LEGO is clearly investing time and energy into the LEGO BOOST system, so we can expect more buildable models, coding ideas, games, challenges, etc. The official LEGO BOOST website is the place to check for any news and new developments. Also, since this is a brand new system, I wouldn’t be surprised if there are going to be some kinks with the initial version of the app, but I’m sure LEGO is going to keep it regularly updated to iron out any issues, and upgraded to remain compatible with both Apple and Android devices. If you live near a LEGO store, you can sign up for LEGO BOOST workshops to learn how the system works (take your tablet or smart phone!). The initial round of workshops is held August 1st-6th and 14th-20th.

Here is the official description of the set: Combine the versatile LEGO building system with advanced technology to boost your creativity with the awesome LEGO BOOST Creative Toolbox. Download the free tablet app to your device and follow the step-by-step instructions to build and code any of the five multifunctional models. Experience Vernie the Robot—a moving and talking robot; the M.T.R.4 (Multi-Tooled Rover 4)—a robust, versatile rover with four different tool attachments including a spring-loaded shooter; the Guitar4000—a musical instrument with pitch bend and sound effects; Frankie the Cat—an interactive pet that plays, purrs and expresses its mood; or the AutoBuilder—an automated production line that really builds miniature LEGO models! Bring your creations to life with the app’s intuitive, icon-based coding interface and complete an array of exciting activities designed for each model. This set also includes a playmat for use with specific activities, and a LEGO BOOST wall poster! Includes over 840 LEGO pieces, plus a LEGO Move Hub, Interactive Motor, and a Color & Distance Sensor. Vernie the robot stands over 10” (27cm) tall. M.T.R.4 (Multi-Tooled Rover 4) measures over 4” (12cm) high, 9” (23cm) long and 5” (14cm) wide. Guitar4000 measures over 1” (5cm) high, 16” (42cm) long and 5” (15cm) wide. Frankie the Cat stands over 6” (17cm) tall. The AutoBuilder measures over 10” (27cm) high, 7” (19cm) long and 6” (16cm) wide. 847 pieces. Price: $159.99 – BUY HERE.

What do you think? How do you like LEGO BOOST so far? Are you planning to give it a try? Have you had a chance to play with it already? Feel free to share your thoughts and own review in the comment section below! 😉

And you might also like to check out the following related posts:

{ 12 comments… read them below or add one }

legoed19 August 5, 2017 at 2:01 PM

This one’s not for me. I don’t have a tablet and I’m not at all interested in coding. Two good reasons to avoid it I think!

Reply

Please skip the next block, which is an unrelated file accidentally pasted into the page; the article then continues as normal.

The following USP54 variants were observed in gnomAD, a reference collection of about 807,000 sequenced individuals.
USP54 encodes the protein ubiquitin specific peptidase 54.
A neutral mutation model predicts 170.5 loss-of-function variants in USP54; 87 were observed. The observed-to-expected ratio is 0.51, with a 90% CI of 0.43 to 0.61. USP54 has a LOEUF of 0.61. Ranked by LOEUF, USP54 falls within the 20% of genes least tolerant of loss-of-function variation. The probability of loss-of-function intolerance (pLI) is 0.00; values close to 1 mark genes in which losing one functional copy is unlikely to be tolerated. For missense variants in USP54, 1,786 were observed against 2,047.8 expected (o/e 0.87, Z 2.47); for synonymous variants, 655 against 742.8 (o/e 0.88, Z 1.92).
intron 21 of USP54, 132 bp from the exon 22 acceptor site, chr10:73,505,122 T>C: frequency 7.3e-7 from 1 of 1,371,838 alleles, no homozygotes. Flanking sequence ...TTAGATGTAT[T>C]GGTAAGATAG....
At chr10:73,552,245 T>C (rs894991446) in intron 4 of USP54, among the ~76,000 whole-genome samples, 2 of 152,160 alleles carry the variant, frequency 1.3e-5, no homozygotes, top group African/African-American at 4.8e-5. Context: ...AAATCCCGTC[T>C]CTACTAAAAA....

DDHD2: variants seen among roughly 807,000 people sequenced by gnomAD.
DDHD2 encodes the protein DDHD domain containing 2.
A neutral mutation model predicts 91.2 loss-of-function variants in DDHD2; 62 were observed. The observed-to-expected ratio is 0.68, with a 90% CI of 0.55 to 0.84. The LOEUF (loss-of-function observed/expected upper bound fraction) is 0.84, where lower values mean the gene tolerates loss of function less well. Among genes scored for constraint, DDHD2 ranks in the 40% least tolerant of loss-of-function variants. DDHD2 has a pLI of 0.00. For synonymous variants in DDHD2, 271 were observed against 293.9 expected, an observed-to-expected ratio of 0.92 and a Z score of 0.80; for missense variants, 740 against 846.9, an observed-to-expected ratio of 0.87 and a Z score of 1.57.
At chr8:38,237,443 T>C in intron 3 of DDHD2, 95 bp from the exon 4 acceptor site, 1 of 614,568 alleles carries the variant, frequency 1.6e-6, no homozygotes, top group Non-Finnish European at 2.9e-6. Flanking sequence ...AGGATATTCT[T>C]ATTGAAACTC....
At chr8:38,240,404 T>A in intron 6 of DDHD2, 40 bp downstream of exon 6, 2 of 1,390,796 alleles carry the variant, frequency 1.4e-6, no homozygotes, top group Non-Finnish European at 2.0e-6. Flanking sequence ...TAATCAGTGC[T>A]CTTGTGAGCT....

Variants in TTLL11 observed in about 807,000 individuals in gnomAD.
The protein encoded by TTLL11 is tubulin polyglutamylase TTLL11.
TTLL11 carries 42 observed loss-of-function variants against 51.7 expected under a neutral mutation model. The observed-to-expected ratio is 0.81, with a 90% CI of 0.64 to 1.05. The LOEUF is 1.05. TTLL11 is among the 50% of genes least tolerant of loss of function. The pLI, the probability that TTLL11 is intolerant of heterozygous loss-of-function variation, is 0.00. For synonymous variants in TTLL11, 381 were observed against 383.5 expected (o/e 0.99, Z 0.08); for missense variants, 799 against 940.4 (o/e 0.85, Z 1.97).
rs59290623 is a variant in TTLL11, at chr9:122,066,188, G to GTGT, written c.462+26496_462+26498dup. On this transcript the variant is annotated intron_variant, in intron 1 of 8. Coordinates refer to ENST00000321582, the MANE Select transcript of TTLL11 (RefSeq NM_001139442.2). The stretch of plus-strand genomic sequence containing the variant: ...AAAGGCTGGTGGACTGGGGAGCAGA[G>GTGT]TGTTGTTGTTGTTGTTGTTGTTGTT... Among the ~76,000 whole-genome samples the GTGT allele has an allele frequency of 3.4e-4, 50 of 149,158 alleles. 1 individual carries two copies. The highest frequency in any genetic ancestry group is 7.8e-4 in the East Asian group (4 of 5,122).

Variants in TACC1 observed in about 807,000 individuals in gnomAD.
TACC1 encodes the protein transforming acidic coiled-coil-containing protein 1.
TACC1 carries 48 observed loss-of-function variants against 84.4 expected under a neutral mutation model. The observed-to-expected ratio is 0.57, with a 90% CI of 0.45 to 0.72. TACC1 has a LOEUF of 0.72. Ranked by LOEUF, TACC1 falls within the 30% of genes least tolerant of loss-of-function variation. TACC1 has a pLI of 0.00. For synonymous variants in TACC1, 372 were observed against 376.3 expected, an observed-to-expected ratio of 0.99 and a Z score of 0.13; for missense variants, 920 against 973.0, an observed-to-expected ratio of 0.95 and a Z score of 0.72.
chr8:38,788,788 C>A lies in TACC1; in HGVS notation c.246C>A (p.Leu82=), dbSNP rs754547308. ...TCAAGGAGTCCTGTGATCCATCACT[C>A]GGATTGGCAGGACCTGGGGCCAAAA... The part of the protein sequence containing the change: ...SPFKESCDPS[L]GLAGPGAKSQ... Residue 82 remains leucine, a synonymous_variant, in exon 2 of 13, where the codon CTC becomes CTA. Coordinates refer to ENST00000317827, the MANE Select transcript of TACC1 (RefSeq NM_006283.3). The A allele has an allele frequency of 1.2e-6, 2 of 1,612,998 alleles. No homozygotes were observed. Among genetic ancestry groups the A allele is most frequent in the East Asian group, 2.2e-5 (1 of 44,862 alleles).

Hayato August 5, 2017 at 3:47 PM

I do like what Boost has to offer, but I think we will wait a bit until they iron out the kinks. Maybe get it for Christmas, or sometime next year.

Reply

admin August 5, 2017 at 7:58 PM

Sounds like a good plan! 😀

Reply

JasonK August 5, 2017 at 4:31 PM

I want to try this out so bad!!!

Reply

jabber-baby-wocky August 5, 2017 at 5:03 PM

Looks very interesting, but I wish it would work independently from an app, like Mindstorms does. Also, they should add pc and mac compatibility, as they have a more stable operating system. And it’s not like everyone has a tablet. I see the need to use an app the weakest point of this set. I like the models, the colors, the fact that Boost uses system pieces.

Reply

admin August 5, 2017 at 8:00 PM

Yeah, more devices to control the robots would be very useful. Although I don’t know how easy or hard would it be to achieve that. I agree that it would be great if the system could work both with and independently of a tablet. Perhaps more options will be added later.

Reply

Adam August 5, 2017 at 7:29 PM

My 4 year old son and I built the robot today and had a blast. We both loved it! Of course after about ten minutes of playing with the robot. My son was already saying let’s build the cat, lol! There is so much play quality with the set it’s a must for my family 🙂

Reply

admin August 5, 2017 at 8:01 PM

Adam, thanks for sharing that! Sounds like you guys are having a blast! Enjoy playing with your robots! 😀

Reply

Kim September 30, 2017 at 11:23 AM

Can you have different log ins within the app? We have one compatible device and more than one kiddo who would like to use it. If it’s like the Scratch coding on the MIT site they are able to save their codes and access them on whatever device they log into. Do you know if you can do that here?

Reply

admin September 30, 2017 at 4:25 PM

Kim, yes, that’s my understanding. If you are not sure how to do it, you can call LEGO’s customer service and they will be able to help you out. 🙂

Reply

Martin November 14, 2017 at 4:55 AM

Hi, Is there any chance to use for programming 5,5″ Android device? The robot looks great but I dont have a tablet and to buy it just for robot….Thanks.

Reply

admin November 14, 2017 at 11:00 AM

Martin, according to the compatibility list, Android devices over 5.0 will work. However, besides the operating system, there are also some other requirements that your device need to have: Android tablet with Bluetooth low power technology (BlueTooth 4.1 or higher), 1 GB ram, dual core processor 1.4 ghz, 8” display or larger, microphone, speaker. So, if your device meets those requirements, it would work. Here is the list for checking compatibility: https://www.lego.com/en-us/service/device-guide/boost

Reply

Leave a Comment

Subscribe to Comments Feed

Previous post:

Next post: